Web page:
Theranostics 2021; 11(17):8430-8447. doi:10.7150/thno.59661 This issue

Research Paper

Self-assembly of differentiated progenitor cells facilitates spheroid human skin organoid formation and planar skin regeneration

Patricia Ebner-Peking1, Linda Krisch1,2, Martin Wolf1, Sarah Hochmann1, Anna Hoog1, Balázs Vári1, Katharina Muigg1, Rodolphe Poupardin1, Cornelia Scharler1, Sabine Schmidhuber3, Elisabeth Russe4, Harald Stachelscheid5, Achim Schneeberger3, Katharina Schallmoser2, Dirk Strunk1✉

1. Cell Therapy Institute, Spinal Cord Injury and Tissue Regeneration Center Salzburg (SCI-TReCS), University Clinic, Paracelsus Medical University, Salzburg, Austria
2. Department of Transfusion Medicine, University Clinic, Paracelsus Medical University, Salzburg, Austria
3. Accanis Biotech, Biocenter Vienna, Austria
4. Department of Plastic, Aesthetic and Reconstructive Surgery, Hospital Barmherzige Brueder, Salzburg, Austria
5. Stem Cell Core Facility, Charité, Berlin Institute of Health; Berlin, Germany

This is an open access article distributed under the terms of the Creative Commons Attribution License ( See for full terms and conditions.
Ebner-Peking P, Krisch L, Wolf M, Hochmann S, Hoog A, Vári B, Muigg K, Poupardin R, Scharler C, Schmidhuber S, Russe E, Stachelscheid H, Schneeberger A, Schallmoser K, Strunk D. Self-assembly of differentiated progenitor cells facilitates spheroid human skin organoid formation and planar skin regeneration. Theranostics 2021; 11(17):8430-8447. doi:10.7150/thno.59661. Available from

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Graphic abstract

Self-assembly of solid organs from single cells would greatly expand applicability of regenerative medicine. Stem/progenitor cells can self-organize into micro-sized organ units, termed organoids, partially modelling tissue function and regeneration. Here we demonstrated 3D self-assembly of adult and induced pluripotent stem cell (iPSC)-derived fibroblasts, keratinocytes and endothelial progenitors into both, planar human skin in vivo and a novel type of spheroid-shaped skin organoids in vitro, under the aegis of human platelet lysate.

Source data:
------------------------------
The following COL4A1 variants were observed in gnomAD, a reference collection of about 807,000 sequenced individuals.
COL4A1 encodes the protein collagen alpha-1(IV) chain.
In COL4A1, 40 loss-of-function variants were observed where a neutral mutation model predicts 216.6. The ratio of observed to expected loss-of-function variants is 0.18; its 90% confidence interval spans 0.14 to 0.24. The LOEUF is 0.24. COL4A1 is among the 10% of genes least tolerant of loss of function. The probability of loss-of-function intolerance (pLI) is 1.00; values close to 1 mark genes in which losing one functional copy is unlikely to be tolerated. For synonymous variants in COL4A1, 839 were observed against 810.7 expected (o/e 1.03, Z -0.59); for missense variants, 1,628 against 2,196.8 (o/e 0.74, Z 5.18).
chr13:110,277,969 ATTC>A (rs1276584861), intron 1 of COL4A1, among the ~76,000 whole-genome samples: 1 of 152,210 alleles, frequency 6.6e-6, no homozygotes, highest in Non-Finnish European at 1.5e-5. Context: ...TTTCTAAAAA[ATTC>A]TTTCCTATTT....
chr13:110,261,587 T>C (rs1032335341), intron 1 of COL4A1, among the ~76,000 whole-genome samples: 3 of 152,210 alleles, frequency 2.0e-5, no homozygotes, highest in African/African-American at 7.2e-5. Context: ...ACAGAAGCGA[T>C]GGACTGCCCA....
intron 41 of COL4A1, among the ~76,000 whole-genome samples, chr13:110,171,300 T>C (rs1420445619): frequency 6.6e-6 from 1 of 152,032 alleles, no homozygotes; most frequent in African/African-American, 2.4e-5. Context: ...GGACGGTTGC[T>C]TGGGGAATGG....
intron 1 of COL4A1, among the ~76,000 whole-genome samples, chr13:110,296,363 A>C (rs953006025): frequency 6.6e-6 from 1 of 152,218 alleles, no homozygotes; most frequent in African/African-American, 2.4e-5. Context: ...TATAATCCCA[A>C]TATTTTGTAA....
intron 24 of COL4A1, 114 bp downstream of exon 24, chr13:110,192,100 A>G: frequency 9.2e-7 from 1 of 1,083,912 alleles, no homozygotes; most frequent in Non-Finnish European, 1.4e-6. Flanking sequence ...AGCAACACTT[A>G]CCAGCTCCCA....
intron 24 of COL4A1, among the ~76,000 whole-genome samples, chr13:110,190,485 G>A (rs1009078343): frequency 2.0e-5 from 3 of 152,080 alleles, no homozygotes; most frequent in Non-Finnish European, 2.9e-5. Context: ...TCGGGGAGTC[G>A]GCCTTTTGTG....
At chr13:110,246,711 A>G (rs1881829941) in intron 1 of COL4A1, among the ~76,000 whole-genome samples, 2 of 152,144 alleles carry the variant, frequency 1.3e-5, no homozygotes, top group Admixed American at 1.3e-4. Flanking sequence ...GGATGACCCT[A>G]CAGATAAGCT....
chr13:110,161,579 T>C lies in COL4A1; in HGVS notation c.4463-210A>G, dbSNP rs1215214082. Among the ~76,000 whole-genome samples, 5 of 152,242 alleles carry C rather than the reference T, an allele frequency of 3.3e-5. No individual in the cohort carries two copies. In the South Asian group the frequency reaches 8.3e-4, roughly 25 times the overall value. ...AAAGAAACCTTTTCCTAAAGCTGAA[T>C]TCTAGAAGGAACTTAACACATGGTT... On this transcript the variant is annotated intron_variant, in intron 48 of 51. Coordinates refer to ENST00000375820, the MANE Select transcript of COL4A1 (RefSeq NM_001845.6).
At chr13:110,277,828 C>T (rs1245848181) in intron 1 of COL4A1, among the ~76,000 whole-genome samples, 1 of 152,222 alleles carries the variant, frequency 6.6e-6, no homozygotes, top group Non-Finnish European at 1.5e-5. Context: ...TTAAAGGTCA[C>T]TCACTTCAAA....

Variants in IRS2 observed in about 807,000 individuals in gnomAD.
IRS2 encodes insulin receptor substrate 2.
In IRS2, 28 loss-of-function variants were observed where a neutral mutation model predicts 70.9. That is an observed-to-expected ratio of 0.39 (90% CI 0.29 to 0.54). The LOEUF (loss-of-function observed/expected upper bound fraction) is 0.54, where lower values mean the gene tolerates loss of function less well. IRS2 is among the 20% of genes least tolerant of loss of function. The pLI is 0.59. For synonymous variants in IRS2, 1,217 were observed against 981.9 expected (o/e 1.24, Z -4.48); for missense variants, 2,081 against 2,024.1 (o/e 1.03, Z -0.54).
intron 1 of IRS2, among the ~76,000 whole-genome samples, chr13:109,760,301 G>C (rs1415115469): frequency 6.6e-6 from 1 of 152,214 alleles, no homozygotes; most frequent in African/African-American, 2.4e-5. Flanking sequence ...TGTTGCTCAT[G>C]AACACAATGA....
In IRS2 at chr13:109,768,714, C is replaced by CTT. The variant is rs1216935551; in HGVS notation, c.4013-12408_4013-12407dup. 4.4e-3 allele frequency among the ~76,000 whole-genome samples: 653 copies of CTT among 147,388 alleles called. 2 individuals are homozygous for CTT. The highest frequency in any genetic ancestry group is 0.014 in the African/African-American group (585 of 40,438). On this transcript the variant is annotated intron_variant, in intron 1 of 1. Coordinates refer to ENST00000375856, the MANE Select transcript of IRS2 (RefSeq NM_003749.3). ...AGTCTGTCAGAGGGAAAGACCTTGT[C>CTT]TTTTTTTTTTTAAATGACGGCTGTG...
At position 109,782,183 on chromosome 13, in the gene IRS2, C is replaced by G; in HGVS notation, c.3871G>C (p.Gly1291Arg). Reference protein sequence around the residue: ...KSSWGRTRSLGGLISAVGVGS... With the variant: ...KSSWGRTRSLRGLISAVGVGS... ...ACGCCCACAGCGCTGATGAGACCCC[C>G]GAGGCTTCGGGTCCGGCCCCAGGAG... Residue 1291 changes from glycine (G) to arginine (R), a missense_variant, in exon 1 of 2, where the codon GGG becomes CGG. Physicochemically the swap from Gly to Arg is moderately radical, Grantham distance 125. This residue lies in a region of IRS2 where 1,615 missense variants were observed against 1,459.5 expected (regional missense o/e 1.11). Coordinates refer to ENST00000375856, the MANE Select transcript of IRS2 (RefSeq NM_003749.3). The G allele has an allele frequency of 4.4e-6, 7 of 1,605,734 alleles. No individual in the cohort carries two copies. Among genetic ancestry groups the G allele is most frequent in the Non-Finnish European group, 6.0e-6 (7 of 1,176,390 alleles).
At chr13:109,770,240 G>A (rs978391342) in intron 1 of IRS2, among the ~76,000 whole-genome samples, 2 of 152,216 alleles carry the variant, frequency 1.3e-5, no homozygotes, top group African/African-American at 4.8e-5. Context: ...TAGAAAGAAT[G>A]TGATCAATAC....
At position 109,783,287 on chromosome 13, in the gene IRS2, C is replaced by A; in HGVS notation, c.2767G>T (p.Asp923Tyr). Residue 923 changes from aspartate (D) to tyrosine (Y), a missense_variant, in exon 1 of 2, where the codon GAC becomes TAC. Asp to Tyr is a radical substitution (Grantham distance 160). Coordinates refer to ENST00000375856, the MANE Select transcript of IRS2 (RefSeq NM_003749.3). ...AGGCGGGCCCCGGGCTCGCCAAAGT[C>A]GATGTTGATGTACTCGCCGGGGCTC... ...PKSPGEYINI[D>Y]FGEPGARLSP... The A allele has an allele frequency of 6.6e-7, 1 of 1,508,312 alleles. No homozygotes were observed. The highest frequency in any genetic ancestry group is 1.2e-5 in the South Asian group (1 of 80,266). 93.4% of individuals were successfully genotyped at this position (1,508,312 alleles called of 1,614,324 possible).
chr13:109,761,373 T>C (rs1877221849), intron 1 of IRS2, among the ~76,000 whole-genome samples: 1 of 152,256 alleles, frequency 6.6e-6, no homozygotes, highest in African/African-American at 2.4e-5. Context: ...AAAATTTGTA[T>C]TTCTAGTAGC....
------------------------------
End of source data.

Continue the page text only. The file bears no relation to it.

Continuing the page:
Methods: Primary endothelial colony forming cells (ECFCs), skin fibroblasts (FBs) and keratinocytes (KCs) were isolated from human tissues and polyclonally propagated under 2D xeno-free conditions. Human tissue-derived iPSCs were differentiated into endothelial cells (hiPSC-ECs), fibroblasts (hiPSC-FBs) and keratinocytes (hiPSC-KCs) according to efficiency-optimized protocols. Cell identity and purity were confirmed by flow cytometry and clonogenicity indicated their stem/progenitor potential. Triple cell type floating spheroids formation was promoted by human platelet-derived growth factors containing culture conditions, using nanoparticle cell labelling for monitoring the organization process. Planar human skin regeneration was assessed in full-thickness wounds of immune-deficient mice upon transplantation of hiPSC-derived single cell suspensions.

Results: Organoids displayed a distinct architecture with surface-anchored keratinocytes surrounding a stromal core, and specific signaling patterns in response to inflammatory stimuli. FGF-7 mRNA transfection was required to accelerate keratinocyte long-term fitness. Stratified human skin also self-assembled within two weeks after either adult- or iPSC-derived skin cell-suspension liquid-transplantation, healing deep wounds of mice. Transplant vascularization significantly accelerated in the presence of co-transplanted endothelial progenitors. Mechanistically, extracellular vesicles mediated the multifactorial platelet-derived trophic effects. No tumorigenesis occurred upon xenografting.

Conclusion: This illustrates the superordinate progenitor self-organization principle and permits novel rapid 3D skin-related pharmaceutical high-content testing opportunities with floating spheroid skin organoids. Multi-cell transplant self-organization facilitates development of iPSC-based organ regeneration strategies using cell suspension transplantation supported by human platelet factors.

Keywords: Skin organoids, progenitor cells, human induced pluripotent stem cells, human platelet-derived growth factors, skin regeneration